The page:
Cons – Using proper technique and safety precautions are essential. Novices should take instruction from certified instructors or trainers. There is a learning curve in developing skill in handling them.


Battling Ropes

These are part of a training system developed by a fitness coach/expert named John Brookfield. There are other ways in which ropes are used but in discussion here it is the “undulating wave” system of training. In other words, a long, thick length of heavy rope is anchored to an immovable object, and the participant lifts the ends of it using the arms. However, it is also a whole-body workout. Due to the weight, length and thickness of the rope, exercises engage the mid-section (core) back, shoulders, legs and hips.


A study conducted at the University of Minnesota in 2013 speculated that a 10-minute bout of rope training equates well with the American College of Sports Medicine’s definition of a “vigorous” activity (e.g. – bicycling up a steep hill, or teaching an aerobic dance class, etc.).


The level of intensity does vary with thickness and the length of the rope as well as the height from which it is anchored (the lower the more difficult). But the variations of movements that can be performed with it add variety to any workout program.

Speed of movement can add further variation as well as incorporate other equipment, such as “BOSU” balls (half-dome balance tools), gliding discs, and more.


Research has not yet demonstrated whether ropes can build strength, but it makes sense that lifting a load, such as a heavy rope, can add to any strength-training program, especially to a novice. Certainly power and agility can be enhanced due to the explosive nature and the movements involved in handling ropes.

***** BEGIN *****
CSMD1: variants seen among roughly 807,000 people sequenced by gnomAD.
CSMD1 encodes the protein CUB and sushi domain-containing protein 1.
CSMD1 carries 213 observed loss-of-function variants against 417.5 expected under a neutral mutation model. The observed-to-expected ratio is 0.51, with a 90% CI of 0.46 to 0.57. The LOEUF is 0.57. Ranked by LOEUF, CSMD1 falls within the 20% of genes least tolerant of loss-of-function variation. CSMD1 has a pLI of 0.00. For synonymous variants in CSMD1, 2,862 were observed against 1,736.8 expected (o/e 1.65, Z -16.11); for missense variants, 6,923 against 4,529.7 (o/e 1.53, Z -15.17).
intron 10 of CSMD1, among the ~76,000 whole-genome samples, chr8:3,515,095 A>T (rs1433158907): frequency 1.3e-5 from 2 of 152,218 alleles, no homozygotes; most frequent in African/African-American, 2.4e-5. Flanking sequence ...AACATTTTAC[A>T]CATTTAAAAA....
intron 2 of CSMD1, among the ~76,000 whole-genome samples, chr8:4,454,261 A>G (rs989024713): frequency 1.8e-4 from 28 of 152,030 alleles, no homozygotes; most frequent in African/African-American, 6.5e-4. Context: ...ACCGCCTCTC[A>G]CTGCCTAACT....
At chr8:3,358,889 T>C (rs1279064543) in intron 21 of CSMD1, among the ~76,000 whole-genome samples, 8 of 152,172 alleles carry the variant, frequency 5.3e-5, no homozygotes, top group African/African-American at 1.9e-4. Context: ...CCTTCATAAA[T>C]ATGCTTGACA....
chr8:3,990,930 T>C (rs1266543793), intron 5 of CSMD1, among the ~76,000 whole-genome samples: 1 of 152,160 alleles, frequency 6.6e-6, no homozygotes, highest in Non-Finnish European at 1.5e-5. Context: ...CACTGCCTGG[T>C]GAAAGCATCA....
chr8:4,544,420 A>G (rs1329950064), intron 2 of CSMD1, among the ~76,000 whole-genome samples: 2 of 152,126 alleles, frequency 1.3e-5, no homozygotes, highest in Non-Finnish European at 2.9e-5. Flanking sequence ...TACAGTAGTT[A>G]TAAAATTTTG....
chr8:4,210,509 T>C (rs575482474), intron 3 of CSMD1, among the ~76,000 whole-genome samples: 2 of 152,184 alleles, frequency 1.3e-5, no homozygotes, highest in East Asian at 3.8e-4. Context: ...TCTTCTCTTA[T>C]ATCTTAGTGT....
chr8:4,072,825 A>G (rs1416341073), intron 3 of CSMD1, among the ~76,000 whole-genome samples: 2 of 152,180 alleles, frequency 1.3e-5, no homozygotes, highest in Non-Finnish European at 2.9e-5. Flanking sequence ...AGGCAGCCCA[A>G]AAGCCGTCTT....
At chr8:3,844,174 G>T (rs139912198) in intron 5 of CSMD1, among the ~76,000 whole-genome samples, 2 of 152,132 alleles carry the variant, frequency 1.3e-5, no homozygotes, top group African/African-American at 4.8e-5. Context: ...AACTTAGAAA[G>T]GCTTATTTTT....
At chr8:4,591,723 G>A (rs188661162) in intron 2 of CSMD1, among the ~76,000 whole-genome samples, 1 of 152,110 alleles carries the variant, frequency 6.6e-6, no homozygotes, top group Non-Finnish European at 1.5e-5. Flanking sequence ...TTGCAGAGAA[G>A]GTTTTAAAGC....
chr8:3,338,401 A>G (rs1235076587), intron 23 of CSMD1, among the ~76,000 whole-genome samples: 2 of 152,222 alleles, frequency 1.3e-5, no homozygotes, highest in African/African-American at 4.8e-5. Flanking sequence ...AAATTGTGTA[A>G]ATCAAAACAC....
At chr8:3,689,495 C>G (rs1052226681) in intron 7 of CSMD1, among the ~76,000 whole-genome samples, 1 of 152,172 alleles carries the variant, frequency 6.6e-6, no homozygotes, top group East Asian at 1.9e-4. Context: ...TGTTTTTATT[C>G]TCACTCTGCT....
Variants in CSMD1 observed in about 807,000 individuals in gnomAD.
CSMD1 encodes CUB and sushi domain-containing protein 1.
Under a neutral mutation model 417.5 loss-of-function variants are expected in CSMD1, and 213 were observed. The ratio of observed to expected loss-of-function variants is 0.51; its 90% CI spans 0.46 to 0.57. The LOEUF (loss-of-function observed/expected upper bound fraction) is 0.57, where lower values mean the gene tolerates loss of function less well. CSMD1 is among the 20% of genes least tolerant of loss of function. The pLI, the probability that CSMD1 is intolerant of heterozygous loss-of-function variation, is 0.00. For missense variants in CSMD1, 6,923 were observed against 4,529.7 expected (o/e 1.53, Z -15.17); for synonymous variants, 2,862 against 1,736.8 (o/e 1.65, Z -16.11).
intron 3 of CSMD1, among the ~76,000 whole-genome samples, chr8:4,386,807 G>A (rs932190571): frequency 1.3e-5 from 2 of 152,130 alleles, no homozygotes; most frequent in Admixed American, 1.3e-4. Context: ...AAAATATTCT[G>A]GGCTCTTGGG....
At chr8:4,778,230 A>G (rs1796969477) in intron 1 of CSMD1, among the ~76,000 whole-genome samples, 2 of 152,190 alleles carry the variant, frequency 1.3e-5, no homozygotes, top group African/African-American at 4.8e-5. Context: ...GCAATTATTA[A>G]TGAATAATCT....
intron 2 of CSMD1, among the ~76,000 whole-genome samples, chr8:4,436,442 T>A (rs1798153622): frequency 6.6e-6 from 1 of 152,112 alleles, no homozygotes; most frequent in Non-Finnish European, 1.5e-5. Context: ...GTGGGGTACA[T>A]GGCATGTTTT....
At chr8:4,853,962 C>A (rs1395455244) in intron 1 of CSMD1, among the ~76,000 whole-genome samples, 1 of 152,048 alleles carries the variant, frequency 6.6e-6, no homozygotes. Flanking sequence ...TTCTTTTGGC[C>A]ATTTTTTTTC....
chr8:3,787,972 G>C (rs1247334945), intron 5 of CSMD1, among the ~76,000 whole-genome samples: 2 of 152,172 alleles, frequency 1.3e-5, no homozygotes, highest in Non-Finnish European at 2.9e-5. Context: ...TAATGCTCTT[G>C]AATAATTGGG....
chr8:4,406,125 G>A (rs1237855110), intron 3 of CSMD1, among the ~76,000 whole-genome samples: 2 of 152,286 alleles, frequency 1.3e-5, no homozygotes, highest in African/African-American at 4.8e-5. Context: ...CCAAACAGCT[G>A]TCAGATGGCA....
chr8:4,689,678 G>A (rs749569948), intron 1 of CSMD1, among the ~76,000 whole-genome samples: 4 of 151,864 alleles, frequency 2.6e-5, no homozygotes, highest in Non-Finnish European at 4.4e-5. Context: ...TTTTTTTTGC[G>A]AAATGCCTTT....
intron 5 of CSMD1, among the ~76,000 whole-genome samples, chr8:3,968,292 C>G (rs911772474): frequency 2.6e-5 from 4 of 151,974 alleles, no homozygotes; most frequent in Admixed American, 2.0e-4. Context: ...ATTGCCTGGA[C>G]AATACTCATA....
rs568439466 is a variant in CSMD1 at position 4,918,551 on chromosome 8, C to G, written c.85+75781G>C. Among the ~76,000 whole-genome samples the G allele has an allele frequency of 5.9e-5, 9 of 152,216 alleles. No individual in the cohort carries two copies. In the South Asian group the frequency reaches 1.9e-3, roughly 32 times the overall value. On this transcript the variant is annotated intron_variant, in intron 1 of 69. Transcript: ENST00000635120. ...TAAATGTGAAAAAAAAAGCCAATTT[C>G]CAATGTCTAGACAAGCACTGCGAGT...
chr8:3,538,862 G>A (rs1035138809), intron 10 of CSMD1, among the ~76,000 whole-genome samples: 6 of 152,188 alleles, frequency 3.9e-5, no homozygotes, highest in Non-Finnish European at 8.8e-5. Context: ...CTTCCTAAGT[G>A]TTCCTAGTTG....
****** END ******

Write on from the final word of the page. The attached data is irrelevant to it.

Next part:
Pros – Battling-rope training is a fun, unique method of training that can build aerobic capacity due to the vigorous cardiovascular training it provides. Along with varying the type of rope used, speed of movements and other variations can add elements of power, agility and strength training. Although building endurance in handling them and learning how to perform basic movements can be challenging, like in any other activity these can be learned and built-up.


Cons – Proper technique and skill is required to get an effective workout. Beginning exercisers will find it difficult to perform movements without fatiguing quickly. Ropes vary in length but typically require 25-50 feet of room space, and an immovable anchor is needed to safely hold the rope down.


If you were wondering about using either of the above training methods, I would encourage anyone to try either kettlebells, battling ropes, or both. Evidence suggests that they provide elements of aerobic conditioning as well as whole-body conditioning that can enhance any fitness program. It may not be realistic to rely solely on one or the other to achieve your fitness goals, but they can certainly help, and it never hurts to get some fun and excitement as well as much-needed variation with your exercise!



  • http://www.ncbi.nlm.nih.gov/pubmed/24345977
  • http://www.researchgate.net/publication/253338792_Metabolic_Cost_of_Rope_Training